not for theories. I suppose there are other professors who teach regular
working mathematics."

"Oh, yes," replied the young man, with a smile, "there is the Professor
of Applied Mathematics, but of course the thorough student wants to
understand the theories on which his practise is to be based."

"I do not see why he should," replied the other. "If a good ship is
launched for me, I don't care anything about the stocks she slides off

"Perhaps not," said Lancaster, "but somebody has to think about them."

In the afternoon Captain Asher showed his visitor his little farm, and
took him out fishing. During these recreations he refrained, as far as
possible, from asking questions, for he did not wish the young man to
suppose that for any reason he had been sent there to undergo an
examination. But in the evening he could not help talking about the
college, not in reference to the work and life of the students, a
subject that did not interest him, but in regard to the work and the
prospects of the faculty.

"What does your president teach?" he asked. "I believe all presidents
have charge of some branch or other."

"Oh, yes," said Lancaster, "our president is Professor of Mental and
Moral Philosophy."

"I thought it would be something of the kind," said the captain to
himself. "Even the head Professor of Mathematical Theories would never
get to the top of the heap. He is not useful enough for that."

After he had gone to bed that night Captain Asher found himself laughing
about the events of the day. He could not help it when he remembered how
his mind had been almost constantly occupied with a consideration of his
old shipmate's son with reference to his brother's daughter. And when he
remembered that neither of these two young people had ever seen or heard
of the other, it is not surprising that he laughed a little.

"It's none of my business, anyway," thought the captain, "and I might as
well stop bothering my head about it. I suppose I might as well tell
him about Olive, for it is nothing I need keep secret. But first I'll
see how long he is going to stay. It's none of his business, anyway,
whether I have a niece staying with me or not."


_Olive pays Toll._

It is needless to say that Olive was charmed with Broadstone; with its
mistress; with the two little girls; with the woods; the river; the
mountains; and even the sky; which seemed different from that same sky
when viewed from the tollhouse. She was charmed also with the rest of
the household, which was different from anything of that kind that she
had known, being composed entirely, with the exception of some servants,
of women and little girls. Olive, accustomed all her life to men, men,
men, grew rapturous over this Amazonian paradise.

"Don't be too enthusiastic," said Mrs. Easterfield; "for a while you may
like fresh butter without salt, but the longing for the condiment will
be sure to come."

There was Mrs. Blynn, the widow of a clergyman, with dark-brown eyes and
white hair, who was always in a good humor, who acted as the general
manager of the household, and also as particular friend to any one in
the house who needed her services in that way. Then there was Miss
Raleigh, who was supposed to be Mrs. Easterfield's secretary. She was a
slender spinster of forty or more, with sad eyes and very fine teeth.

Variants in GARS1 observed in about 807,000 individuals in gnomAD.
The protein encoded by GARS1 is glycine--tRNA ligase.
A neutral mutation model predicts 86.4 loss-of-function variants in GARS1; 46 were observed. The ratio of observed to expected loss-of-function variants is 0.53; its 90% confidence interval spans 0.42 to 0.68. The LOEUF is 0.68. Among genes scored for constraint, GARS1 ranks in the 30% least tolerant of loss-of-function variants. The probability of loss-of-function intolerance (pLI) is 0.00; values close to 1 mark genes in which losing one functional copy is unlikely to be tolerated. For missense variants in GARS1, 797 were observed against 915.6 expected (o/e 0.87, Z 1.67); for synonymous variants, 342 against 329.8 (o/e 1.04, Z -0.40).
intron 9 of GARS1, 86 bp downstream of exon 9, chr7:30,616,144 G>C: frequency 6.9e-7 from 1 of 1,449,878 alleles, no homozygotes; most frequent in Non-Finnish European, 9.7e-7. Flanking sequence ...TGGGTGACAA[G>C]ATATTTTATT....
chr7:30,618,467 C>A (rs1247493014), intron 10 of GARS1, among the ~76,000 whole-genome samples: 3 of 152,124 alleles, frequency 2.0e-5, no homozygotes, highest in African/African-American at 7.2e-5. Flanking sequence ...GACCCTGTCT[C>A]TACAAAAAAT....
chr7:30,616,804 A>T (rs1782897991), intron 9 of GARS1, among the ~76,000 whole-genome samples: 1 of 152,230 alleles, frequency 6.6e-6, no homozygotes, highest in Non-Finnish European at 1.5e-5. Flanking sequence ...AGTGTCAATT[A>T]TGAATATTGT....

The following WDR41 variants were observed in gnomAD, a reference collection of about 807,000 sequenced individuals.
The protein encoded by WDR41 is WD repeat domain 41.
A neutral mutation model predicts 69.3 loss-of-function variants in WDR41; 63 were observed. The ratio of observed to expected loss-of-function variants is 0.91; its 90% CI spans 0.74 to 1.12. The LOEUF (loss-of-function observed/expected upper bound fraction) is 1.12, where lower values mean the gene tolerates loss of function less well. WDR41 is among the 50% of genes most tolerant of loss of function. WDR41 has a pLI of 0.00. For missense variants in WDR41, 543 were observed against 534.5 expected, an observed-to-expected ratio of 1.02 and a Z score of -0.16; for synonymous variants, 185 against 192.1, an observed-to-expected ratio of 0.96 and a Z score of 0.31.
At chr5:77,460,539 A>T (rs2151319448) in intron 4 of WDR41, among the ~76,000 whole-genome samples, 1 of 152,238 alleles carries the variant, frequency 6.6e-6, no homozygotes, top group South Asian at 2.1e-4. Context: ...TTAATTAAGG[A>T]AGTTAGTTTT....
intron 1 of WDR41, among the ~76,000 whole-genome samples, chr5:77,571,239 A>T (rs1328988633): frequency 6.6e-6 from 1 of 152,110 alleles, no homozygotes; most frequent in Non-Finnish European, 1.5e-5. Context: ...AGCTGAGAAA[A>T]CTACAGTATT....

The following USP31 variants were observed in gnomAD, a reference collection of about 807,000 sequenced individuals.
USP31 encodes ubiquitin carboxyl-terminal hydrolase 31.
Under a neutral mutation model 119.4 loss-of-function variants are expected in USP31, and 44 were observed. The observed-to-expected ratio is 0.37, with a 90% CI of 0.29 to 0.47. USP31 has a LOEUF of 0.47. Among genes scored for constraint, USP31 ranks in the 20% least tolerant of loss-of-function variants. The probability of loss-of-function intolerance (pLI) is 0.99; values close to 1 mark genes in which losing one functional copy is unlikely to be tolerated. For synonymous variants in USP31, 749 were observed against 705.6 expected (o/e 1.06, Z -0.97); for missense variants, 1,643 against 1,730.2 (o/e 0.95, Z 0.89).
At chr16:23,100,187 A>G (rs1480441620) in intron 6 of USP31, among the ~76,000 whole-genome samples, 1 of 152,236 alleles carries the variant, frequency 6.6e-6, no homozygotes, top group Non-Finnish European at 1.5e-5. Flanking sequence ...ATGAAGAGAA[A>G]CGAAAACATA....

She had dyspeptic proclivities, and never differed with anybody except
in regard to her own diet. She seldom wrote for Mrs. Easterfield, for
that lady did not like her handwriting, and she did not understand the
use of the typewriter; nor did she read to the lady of the house, for
Mrs. Easterfield could not endure to have anybody read to her. But in
all the other duties of a secretary she made herself very useful. She
saw that the books, which every morning were found lying about the
house, were put in their proper places on the shelves, and, if
necessary, she dusted them; if she saw a book turned upside down she
immediately set it up properly. She was also expected to exert a certain
supervision over the books the little girls were allowed to look at. She
was an excellent listener and an appropriate smiler; Mrs. Easterfield
frequently said that she never knew Miss Raleigh to smile in the wrong
place. She took a regular walk every day, eight times up and down the
whole length of the lawn.

Mrs. Easterfield gave herself almost entirely to the entertainment of
her guest. They roamed over the grounds, they found the finest points of
view, at which Olive was expert, being a fine climber, and they tramped
for long distances along the edge of the woods, where together they
killed a snake. Mrs. Easterfield also allowed Olive the great privilege
of helping her work in her garden of nature. This was a wide bed which
was almost entirely shaded by two large trees. The peculiarity about
this bed was that its mistress carefully pulled up all the flowering
plants and cultivated the weeds.

"You see," said she to Olive, "I planted here a lot of flower-seeds
which I thought would thrive in the shade, but they did not, and after a
while I found that they were all spindling and puny-looking, while the
weeds were growing as if they were out in the open sunshine, so I have
determined to acknowledge the principle of the survival of the fittest,
and whenever anything that looks like a flower shows itself I jerk it
out. I also thin out all but the best weeds. I hoe and rake the others,
and water them if necessary. Look at that splendid Jamestown weed--here
they call it jimson weed--did you ever see anything finer than that with
its great white blossoms and dark-green leaves? I expect it to be twice
as large before the summer is over. And all these others. See how
graceful they are, and what delicate flowers some of them have!"

"I wonder," said Olive, "if I should have had the strength of mind to
pull up my flowers and leave my weeds."

"The more you think about it," said Mrs. Easterfield, "the more you like